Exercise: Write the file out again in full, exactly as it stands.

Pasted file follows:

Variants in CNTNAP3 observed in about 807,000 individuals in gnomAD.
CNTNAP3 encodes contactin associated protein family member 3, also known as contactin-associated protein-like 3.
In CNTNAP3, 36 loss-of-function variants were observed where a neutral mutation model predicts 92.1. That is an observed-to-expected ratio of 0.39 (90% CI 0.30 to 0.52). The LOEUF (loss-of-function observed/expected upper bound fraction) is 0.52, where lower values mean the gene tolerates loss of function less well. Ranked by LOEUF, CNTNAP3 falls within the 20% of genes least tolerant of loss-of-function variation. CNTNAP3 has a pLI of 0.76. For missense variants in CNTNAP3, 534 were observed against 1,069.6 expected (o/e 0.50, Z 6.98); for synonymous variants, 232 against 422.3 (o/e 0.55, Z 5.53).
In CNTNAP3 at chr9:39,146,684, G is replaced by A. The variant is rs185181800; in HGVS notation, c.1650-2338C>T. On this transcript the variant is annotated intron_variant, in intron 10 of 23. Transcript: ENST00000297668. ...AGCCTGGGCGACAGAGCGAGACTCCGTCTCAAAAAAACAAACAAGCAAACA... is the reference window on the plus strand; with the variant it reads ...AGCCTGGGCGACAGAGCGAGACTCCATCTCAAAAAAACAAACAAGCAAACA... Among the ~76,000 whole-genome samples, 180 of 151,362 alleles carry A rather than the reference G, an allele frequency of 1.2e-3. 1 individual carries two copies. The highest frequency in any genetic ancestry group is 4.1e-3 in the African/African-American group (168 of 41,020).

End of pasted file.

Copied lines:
Variants in CNTNAP3 observed in about 807,000 individuals in gnomAD.
CNTNAP3 encodes contactin associated protein family member 3, also known as contactin-associated protein-like 3.
In CNTNAP3, 36 loss-of-function variants were observed where a neutral mutation model predicts 92.1. That is an observed-to-expected ratio of 0.39 (90% CI 0.30 to 0.52). The LOEUF (loss-of-function observed/expected upper bound fraction) is 0.52, where lower values mean the gene tolerates loss of function less well. Ranked by LOEUF, CNTNAP3 falls within the 20% of genes least tolerant of loss-of-function variation. CNTNAP3 has a pLI of 0.76. For missense variants in CNTNAP3, 534 were observed against 1,069.6 expected (o/e 0.50, Z 6.98); for synonymous variants, 232 against 422.3 (o/e 0.55, Z 5.53).
In CNTNAP3 at chr9:39,146,684, G is replaced by A. The variant is rs185181800; in HGVS notation, c.1650-2338C>T. On this transcript the variant is annotated intron_variant, in intron 10 of 23. Transcript: ENST00000297668. ...AGCCTGGGCGACAGAGCGAGACTCCGTCTCAAAAAAACAAACAAGCAAACA... is the reference window on the plus strand; with the variant it reads ...AGCCTGGGCGACAGAGCGAGACTCCATCTCAAAAAAACAAACAAGCAAACA... Among the ~76,000 whole-genome samples, 180 of 151,362 alleles carry A rather than the reference G, an allele frequency of 1.2e-3. 1 individual carries two copies. The highest frequency in any genetic ancestry group is 4.1e-3 in the African/African-American group (168 of 41,020).